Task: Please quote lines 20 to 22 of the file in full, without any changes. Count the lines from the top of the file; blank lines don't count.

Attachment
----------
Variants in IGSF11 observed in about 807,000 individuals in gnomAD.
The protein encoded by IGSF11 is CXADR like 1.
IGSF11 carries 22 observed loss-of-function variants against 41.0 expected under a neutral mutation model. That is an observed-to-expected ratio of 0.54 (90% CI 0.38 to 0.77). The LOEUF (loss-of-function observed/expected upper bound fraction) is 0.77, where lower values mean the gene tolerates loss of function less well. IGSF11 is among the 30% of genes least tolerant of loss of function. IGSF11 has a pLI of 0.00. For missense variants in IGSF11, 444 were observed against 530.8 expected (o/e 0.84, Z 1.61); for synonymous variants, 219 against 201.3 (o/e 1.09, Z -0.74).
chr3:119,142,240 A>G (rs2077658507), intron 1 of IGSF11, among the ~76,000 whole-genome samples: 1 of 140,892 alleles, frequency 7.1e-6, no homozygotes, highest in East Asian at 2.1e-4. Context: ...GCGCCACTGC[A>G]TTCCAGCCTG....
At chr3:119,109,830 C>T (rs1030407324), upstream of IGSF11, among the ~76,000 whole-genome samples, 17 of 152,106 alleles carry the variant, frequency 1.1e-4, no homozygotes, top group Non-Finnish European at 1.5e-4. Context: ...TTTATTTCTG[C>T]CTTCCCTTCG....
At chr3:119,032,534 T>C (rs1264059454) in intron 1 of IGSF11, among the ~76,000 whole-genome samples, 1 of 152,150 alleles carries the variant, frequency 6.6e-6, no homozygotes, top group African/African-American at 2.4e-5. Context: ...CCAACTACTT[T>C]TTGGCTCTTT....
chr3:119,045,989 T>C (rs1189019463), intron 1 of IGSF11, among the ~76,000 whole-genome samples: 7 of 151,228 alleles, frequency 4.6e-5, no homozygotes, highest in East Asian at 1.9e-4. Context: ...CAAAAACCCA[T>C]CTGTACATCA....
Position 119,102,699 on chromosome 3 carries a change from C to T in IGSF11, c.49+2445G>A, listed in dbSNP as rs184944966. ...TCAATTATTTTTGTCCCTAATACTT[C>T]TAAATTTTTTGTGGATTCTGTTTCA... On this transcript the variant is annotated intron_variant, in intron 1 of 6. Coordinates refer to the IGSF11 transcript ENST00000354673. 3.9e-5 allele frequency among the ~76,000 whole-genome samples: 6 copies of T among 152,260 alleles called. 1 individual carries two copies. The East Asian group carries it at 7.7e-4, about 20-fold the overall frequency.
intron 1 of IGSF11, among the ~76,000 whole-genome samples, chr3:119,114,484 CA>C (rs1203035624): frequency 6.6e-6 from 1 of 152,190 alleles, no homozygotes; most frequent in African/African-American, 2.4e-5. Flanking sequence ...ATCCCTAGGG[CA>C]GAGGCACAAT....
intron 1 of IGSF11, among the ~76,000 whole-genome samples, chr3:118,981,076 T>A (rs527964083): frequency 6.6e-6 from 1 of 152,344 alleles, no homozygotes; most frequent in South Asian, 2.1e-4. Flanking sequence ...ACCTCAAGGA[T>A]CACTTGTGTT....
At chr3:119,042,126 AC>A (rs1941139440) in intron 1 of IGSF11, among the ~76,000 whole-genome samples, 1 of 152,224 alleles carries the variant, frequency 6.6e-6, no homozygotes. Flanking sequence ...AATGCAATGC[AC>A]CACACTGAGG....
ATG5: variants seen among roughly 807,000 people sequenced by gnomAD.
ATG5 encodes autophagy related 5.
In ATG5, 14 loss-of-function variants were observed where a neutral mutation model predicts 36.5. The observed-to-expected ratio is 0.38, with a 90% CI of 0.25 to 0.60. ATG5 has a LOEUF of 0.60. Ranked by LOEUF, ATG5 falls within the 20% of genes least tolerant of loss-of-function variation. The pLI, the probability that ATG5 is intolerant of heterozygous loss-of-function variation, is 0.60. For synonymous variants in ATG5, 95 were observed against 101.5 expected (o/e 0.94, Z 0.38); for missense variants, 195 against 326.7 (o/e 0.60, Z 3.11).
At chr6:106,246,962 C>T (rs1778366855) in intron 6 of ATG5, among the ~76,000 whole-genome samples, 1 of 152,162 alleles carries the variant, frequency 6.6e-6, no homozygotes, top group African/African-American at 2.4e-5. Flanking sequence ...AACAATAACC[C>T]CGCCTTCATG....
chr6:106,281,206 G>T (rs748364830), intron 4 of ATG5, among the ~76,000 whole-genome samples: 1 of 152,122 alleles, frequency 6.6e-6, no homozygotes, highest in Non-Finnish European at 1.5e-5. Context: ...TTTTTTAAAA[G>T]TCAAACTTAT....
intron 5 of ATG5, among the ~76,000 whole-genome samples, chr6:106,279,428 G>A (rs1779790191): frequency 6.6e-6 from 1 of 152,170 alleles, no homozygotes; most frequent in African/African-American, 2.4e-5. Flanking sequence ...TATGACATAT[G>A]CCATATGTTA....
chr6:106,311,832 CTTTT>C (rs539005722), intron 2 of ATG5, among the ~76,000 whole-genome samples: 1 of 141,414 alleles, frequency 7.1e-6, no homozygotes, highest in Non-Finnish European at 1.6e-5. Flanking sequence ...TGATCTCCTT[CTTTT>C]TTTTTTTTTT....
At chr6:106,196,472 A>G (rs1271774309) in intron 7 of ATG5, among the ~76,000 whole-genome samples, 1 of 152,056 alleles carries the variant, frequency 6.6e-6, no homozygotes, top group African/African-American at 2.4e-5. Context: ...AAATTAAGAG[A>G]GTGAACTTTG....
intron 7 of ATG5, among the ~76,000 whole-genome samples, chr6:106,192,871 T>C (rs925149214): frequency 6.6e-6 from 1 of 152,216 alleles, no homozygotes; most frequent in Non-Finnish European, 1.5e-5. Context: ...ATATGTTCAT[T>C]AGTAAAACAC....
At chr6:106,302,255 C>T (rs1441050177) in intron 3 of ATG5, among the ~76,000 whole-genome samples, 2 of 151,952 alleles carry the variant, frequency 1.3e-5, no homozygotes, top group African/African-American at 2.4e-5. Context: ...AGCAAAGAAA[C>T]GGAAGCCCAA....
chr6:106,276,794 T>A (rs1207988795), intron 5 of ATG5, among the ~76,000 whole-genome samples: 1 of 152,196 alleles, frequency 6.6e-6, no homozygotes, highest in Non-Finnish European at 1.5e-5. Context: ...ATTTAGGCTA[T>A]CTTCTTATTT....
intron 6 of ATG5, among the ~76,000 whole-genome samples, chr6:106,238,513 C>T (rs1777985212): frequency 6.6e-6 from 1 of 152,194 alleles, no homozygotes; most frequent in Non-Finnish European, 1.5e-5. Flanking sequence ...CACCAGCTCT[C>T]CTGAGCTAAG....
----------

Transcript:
intron 7 of ATG5, among the ~76,000 whole-genome samples, chr6:106,192,871 T>C (rs925149214): frequency 6.6e-6 from 1 of 152,216 alleles, no homozygotes; most frequent in Non-Finnish European, 1.5e-5. Context: ...ATATGTTCAT[T>C]AGTAAAACAC....
At chr6:106,302,255 C>T (rs1441050177) in intron 3 of ATG5, among the ~76,000 whole-genome samples, 2 of 151,952 alleles carry the variant, frequency 1.3e-5, no homozygotes, top group African/African-American at 2.4e-5. Context: ...AGCAAAGAAA[C>T]GGAAGCCCAA....
chr6:106,276,794 T>A (rs1207988795), intron 5 of ATG5, among the ~76,000 whole-genome samples: 1 of 152,196 alleles, frequency 6.6e-6, no homozygotes, highest in Non-Finnish European at 1.5e-5. Context: ...ATTTAGGCTA[T>A]CTTCTTATTT....